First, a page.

IO, Surabaya – In an effort to anticipate the spread of COVID-19 pandemic, five students of the Department of Instrumentation Engineering, the Faculty of Vocations of Institut Teknologi Sepuluh Nopember (ITS), gathered together in the “Instone team”, have created a temperature detection system that utilizes artificial intelligence on behalf of TT-Techno Temperature. This idea was taken from the weakness of existing body temperature measurements that still require an officer to check people’s temperature and the possibility of technical errors in the logging in the field.
Lukman Arif Hadianto, chairman of the Instone Team, explains why temperature detection protocols should use non-human technology. “The implementation by making physical contact can potentially harm the officer; besides, the process of logging manually also slows down the identification of a suspected COVID-19 sufferer,” he explained, in a release received by Independent Observer, Sunday (7/26/2020).
According to Lukman, TT-Techno Temperature itself is a body temperature pattern recognition system using LWIR sensor and image processing as follow-up prevention of the dissemination of COVID-19, integrated with the government and hospitals. This man, born in 1998, explained how TT-Techno Temperature, using a Flir Lepton thermal camera, can measure the temperature of the human body.
The camera itself implements the concept of artificial intelligence in the form of neural networking. “For implementation, the sensor is connected to an application that can display the user interface of the sensor reading results,” said the student of 2017.
He continued, there is a threshold or a specified minimum temperature. If the body temperature is detected above that threshold, the camera automatically takes a picture of a human face and sends the data to the app’s users and sounds an alarm for the alert. Furthermore, the data will be transmitted to the central or local government and hospitals for monitoring and follow-up, confirming whose body temperature is above the normal limit, detaining the suspected carrier to be checked immediately into the nearest hospital and quarantined.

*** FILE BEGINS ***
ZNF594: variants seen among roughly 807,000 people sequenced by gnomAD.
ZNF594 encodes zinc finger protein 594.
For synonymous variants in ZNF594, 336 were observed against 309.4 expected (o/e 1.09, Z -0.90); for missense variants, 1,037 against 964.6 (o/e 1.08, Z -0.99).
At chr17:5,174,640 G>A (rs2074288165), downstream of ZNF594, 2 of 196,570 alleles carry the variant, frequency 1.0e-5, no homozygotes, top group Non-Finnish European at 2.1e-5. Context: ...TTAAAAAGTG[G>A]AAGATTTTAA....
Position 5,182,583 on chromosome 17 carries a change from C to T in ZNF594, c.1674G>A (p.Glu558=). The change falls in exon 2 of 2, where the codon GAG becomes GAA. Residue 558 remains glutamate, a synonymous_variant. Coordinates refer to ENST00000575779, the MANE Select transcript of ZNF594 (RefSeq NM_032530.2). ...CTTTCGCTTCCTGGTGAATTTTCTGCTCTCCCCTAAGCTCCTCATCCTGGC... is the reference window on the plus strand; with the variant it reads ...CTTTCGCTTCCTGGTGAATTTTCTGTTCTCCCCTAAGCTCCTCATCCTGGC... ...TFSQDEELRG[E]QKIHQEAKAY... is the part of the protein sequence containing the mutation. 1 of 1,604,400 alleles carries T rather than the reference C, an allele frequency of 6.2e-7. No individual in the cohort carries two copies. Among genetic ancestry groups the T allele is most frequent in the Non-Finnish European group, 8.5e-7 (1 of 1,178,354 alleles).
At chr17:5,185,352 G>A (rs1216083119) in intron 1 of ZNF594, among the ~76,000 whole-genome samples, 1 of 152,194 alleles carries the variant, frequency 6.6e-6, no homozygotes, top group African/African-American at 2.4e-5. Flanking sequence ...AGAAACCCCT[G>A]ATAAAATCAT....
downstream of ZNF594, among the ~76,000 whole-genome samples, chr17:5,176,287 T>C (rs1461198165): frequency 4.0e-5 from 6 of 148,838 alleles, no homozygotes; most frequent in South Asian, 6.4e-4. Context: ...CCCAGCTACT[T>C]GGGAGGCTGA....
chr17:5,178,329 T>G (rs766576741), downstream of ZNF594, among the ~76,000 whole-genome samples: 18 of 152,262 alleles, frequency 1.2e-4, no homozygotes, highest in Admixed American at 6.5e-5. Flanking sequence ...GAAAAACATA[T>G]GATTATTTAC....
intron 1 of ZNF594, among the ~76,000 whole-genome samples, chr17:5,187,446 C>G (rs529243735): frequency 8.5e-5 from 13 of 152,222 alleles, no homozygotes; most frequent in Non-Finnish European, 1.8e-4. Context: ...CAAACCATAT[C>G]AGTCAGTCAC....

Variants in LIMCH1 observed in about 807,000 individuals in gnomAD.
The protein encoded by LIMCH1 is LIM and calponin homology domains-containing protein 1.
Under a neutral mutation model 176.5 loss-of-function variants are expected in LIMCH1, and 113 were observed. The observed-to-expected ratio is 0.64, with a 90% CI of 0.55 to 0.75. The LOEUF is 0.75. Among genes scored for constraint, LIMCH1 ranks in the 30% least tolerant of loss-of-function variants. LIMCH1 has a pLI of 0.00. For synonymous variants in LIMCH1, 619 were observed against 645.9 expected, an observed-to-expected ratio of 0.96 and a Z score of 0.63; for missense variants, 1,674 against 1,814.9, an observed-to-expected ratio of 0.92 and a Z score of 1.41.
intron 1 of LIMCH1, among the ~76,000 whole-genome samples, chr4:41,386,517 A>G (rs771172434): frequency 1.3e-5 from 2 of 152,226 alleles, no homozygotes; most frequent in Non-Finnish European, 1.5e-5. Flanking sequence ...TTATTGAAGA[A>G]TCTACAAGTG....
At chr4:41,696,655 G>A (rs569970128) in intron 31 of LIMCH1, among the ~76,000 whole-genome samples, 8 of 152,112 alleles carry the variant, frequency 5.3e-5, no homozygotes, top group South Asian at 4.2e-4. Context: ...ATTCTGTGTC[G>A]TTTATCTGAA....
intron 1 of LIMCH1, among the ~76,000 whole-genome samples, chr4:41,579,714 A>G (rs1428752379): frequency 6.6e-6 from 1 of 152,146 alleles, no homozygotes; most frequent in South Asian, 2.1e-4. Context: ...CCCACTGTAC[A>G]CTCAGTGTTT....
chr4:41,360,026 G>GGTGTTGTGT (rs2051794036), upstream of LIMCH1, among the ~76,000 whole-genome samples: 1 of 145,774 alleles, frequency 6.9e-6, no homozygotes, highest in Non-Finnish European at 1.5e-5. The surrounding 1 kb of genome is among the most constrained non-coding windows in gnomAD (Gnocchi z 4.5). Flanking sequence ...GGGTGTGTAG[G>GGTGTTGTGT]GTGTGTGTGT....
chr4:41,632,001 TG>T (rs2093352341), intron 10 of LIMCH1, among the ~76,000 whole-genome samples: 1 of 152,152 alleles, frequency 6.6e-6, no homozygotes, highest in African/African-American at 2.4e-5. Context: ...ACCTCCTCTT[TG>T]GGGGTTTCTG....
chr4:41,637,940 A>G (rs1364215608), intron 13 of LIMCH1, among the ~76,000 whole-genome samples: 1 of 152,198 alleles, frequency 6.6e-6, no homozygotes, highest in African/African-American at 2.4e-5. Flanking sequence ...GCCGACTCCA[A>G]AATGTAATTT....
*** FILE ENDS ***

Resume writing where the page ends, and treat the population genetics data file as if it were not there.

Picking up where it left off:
“This system is very effective because the patient or human data that indicates body temperature above a normal limit can be detected quickly and in real time,” said the student, who was born in Kediri, East Java.
The advantage of Instone innovations is that it is automatically integrated with user applications, hospital applications, and government applications. It will be easier to track people detected by those sensors. “Also, there are notifications about the delivery of information to the sensors, detected in the form of measured body temperature and hospital information, to allow manual checking with a hospital or self-quarantine at home,” said Lukman.
The innovations, initiated by Lukman with Ari Wardana, Noor Robbycca Rachmana, Indriani Aramintha Mentari, and Nurfani Arifudin, managed to win first place in the Innovative And Inspirational Application Contest COVID-19 (LAI2-COVID-19) in national scale on the detector subrace, conducted by ITS Directorate of Student Affairs. Team Instone also faces obstacles like sensor selection, that can detect body temperature quickly and precisely, as well as challenges where the process of discussion and workmanship is done online.
“Nevertheless, this competition is very interesting for those of us who cannot contribute to the forefront, but can contribute to making a new tool and innovation,” he said. (est)